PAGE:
July 15 (UPI) — William “Hootie” Johnson, the former chairman of Augusta National Golf Club who was at the center of a national controversy over the group’s refusal to admit female members, died Friday. He was 86.
Augusta National announced Johnson’s death, but gave no cause for it. Johnson had suffered from heart problems in recent years, The Washington Post reported.
Johnson’s nine-year tenure as chairman of Augusta National, one of the nation’s most prestigious and selective sports clubs, included some revolutionary changes — and one very memorable refusal to modernize.
When, in the late 1990s, a generation of powerful young golfers led by Tiger Woods began shredding one of the most challenging golf courses in the world, Johnson bucked custom at Augusta and ordered a major overhaul to address players’ increasing dominance at the Masters.
The result was a course much longer from tee to green with longer cuts of rough that put a premium on accuracy, not just the distance players can hit the ball. The overhaul was known in the golf world as “Tiger-proofing” Augusta.
Johnson is also credited with lifting the veil on television coverage of the Masters, doing away with the longstanding custom cameras on several of the 18 holes, which offered players a respite from the every-shot analysis they face today.
But when it came to altering the rules governing Augusta National Golf Club, the group that puts on golf’s premier tournament every spring, Johnson dug in his heels.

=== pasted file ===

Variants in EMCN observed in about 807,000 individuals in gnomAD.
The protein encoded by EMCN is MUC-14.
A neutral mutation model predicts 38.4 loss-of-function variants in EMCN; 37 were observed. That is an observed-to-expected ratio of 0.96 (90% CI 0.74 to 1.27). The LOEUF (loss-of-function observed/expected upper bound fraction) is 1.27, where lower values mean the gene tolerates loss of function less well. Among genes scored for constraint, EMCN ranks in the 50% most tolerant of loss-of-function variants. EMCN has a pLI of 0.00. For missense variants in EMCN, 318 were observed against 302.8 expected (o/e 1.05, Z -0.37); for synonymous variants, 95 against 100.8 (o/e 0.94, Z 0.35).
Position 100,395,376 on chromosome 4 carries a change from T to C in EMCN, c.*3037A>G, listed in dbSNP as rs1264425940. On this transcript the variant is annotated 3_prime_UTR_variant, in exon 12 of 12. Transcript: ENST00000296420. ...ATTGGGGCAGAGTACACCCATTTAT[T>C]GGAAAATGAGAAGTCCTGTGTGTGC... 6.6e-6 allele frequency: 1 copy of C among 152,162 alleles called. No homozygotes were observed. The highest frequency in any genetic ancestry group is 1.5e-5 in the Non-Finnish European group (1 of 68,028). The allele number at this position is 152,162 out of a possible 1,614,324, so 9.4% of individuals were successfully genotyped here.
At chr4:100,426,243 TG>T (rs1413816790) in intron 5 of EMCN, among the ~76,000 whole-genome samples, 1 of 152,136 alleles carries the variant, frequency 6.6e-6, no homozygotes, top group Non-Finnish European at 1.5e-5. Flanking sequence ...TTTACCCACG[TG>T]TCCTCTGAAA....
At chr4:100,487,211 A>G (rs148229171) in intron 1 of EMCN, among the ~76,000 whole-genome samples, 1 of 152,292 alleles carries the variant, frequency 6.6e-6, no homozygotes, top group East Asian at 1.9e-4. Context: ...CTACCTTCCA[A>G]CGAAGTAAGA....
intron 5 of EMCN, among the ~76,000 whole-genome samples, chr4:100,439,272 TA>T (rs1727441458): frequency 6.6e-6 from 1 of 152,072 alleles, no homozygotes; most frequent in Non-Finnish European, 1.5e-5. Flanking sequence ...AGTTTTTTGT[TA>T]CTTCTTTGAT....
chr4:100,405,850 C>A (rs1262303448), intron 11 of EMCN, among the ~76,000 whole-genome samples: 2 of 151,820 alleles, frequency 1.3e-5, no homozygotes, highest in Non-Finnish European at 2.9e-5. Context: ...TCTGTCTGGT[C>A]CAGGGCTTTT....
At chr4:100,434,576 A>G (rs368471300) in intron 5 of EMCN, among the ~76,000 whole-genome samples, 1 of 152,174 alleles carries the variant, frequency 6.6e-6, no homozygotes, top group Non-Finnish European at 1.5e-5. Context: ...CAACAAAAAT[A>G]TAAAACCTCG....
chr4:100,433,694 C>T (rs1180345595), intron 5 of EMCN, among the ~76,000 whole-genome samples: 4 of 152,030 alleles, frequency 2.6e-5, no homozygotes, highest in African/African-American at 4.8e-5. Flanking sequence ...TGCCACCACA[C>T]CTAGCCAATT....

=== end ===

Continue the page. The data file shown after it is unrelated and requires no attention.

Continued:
In 2002, Martha Burk, then chairwoman of the Washington-based National Council of Women’s Organizations, publicly questioned why Augusta National had no female members. She called on Johnson, a former banker from South Carolina who had a history of supporting the Civil Rights movement in the South, to admit women.
He refused, and a public feud — and national debate — ensued.
“We will not be bullied, threatened, or intimidated,” he said in a statement. “There may well come a day when women will be invited to join our membership, but that timetable will be ours, and not at the point of a bayonet.”
Burk responded, saying Johnson and the other Augusta members lived in “a white-male, privileged bubble.”
Burk organized a boycott of Masters advertisers and the companies run by its 300-plus members. Johnson responded by converting the Masters to a commercial-free broadcast for two years, rendering Burk’s advertising boycott moot.
Johnson’s all-male club endured, with Augusta still refusing to admit women members as of 2006, the year he stepped down as chairman.
It wasn’t until 2012 that Augusta National announced it had admitted its first two female members, former Secretary of State Condoleeza Rice, and Darla Moore, a financier from Johnson’s native South Carolina.
Unlike during the Burk feud, Johnson greeted the news of the new members warmly.
“This is wonderful news for Augusta National Golf Club and I could not be more pleased,” he said at the time.
Johnson is survived by his wife of 65 years, the former Pierrine Baker, four daughters, 10 grandchildren and numerous great-grandchildren.